Yesterday, the Irish voted to preserve democracy in Europe for a little longer. By a margin of over 100,000 votes, Irish voters rejected the Lisbon Treaty, which would have significantly altered the structure of the European Union (EU). The three major parties of Ireland all backed the treaty, but voters didn’t care.

There are differences of opinion about just what the treaty would have done, and why voters rejected it, but here’s a quick summary. Backers of the treaty point out that the structure of the European Union hasn’t changed as it should have to stay viable as it continued to grow and add more and more member states from Eastern Europe. Currently, the EU has a bit of a confusing structure, with an executive branch called the European Commission which has a President of the Commission; the European Parliament, which is one half of the legislative branch and has a President of the European Parliament; and the Council of the European Union, which is the other half of the legislative branch and has a President of the Council of the European Union (sometimes just called the EU Presidency) which rotates between member states every six months. The EU Presidency is not really assumed by an individual but by the entire national government which has the presidency for that half-year.

This sometimes weak and convoluted structure was felt by many to be limiting the EU’s ability to deal with economic threats such as an exploding Chinese economy, and unable to effectively deal with issues closer to home such as the war in Bosnia. In light of this, leaders of the member states have been working for years to radically change the structure of the EU.

The Treaty of Nice was negotiated in 2001 and meant to be a European constitution that would replace all other treaties that had been negotiated over the years, but the treaty was never ratified because it was rejected by voters in both France and The Netherlands. So, the Lisbon Treaty was, in effect, a second try but this treaty would simply amend earlier treaties rather than replace them. To get around those pesky voters who might have once again rejected this new treaty, 26 of the 27 member states decided to ratify the treaty through their legislatures rather than with a vote of the people. But the treaty needed ratification by all 27 members, and what would the 27th state, Ireland, do? Ireland sent the voters a referendum, and the voters made it clear yesterday they wanted nothing to do with the treaty.

After the Irish rejected the treaty yesterday, there was outrage among many European leaders who couldn’t believe that the whole thing would be derailed by a vote of a country with less than 2% of the population of Europe. Apparently, for them, the solution would have been not to enlarge the democratic process so more citizens voted, but rather to eliminate the only vote of the people that actually took place. And many of those other European leaders are expressing their hope that somehow the “No” vote can be “made right.” In effect, they’re asking for the Taoiseach (Prime Minister) of Ireland, Brian Cowan, who vehemently supported the treaty, to find some way to ignore the voters. This is being held up by opponents of the treaty as evidence that Europe never really would listen to smaller countries like Ireland, which is one reason why the Irish voters rejected it in the first place.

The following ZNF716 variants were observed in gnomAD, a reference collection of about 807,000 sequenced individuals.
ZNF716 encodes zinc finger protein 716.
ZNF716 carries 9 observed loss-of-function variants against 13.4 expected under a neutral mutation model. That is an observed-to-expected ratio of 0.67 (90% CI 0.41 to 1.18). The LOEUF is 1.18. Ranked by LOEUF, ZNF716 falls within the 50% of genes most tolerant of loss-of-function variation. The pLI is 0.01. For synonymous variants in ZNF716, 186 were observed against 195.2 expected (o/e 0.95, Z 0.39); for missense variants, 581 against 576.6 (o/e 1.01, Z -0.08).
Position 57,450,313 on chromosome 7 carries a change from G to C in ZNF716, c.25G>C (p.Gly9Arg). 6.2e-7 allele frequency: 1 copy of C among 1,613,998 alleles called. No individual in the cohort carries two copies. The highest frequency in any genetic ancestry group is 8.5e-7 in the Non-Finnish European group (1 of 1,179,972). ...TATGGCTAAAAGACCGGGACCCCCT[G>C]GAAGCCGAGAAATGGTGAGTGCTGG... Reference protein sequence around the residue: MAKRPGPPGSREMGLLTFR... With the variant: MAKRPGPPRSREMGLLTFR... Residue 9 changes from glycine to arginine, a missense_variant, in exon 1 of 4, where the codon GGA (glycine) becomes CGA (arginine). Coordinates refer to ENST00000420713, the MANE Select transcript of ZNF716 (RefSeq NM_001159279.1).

So, how exactly would this treaty have rolled back democracy in Europe? The treaty would have limited representation on the European Commission for each member state to 10 of every 15 years, so one-third of the time each country would have no representative on the Commission. Even when a country did have a representative on the Commission, she would not have been elected by the people, or even by the member states’ elected legislatures. Each country could “suggest” who their representative would be, but not actually choose her.

Because the treaty also contained language that would have ensured that the laws of the EU would have superseded those of any national constitution, it really would have created a structure a bit like the federal system of the U.S. but without the representative democracy we expect. Okay, used to expect before the Bush years.

It didn’t help the “Yes” campaign that the Taoiseach and many of his government ministers who were backing the treaty admitted they hadn’t read it. Its language is so confusing that one minister supporting the treaty tried at a press conference to explain to reporters how the treaty would work and gave a small snippet of the treaty language to support his claim. When pressed by reporters, though, he admitted he didn’t understand the language he’d just quoted. The Taoiseach seemed unable to grasp that opponents of the treaty could have an honest difference of opinion on the matter, declaring before the election that those vocally opposing the treaty either didn’t understand it or were misrepresenting it. I, for one, think voters did know just enough to decide they didn’t like it. No one knows for sure what will happen now that Ireland has said “No,” but we’ll keep you informed if there are any developments.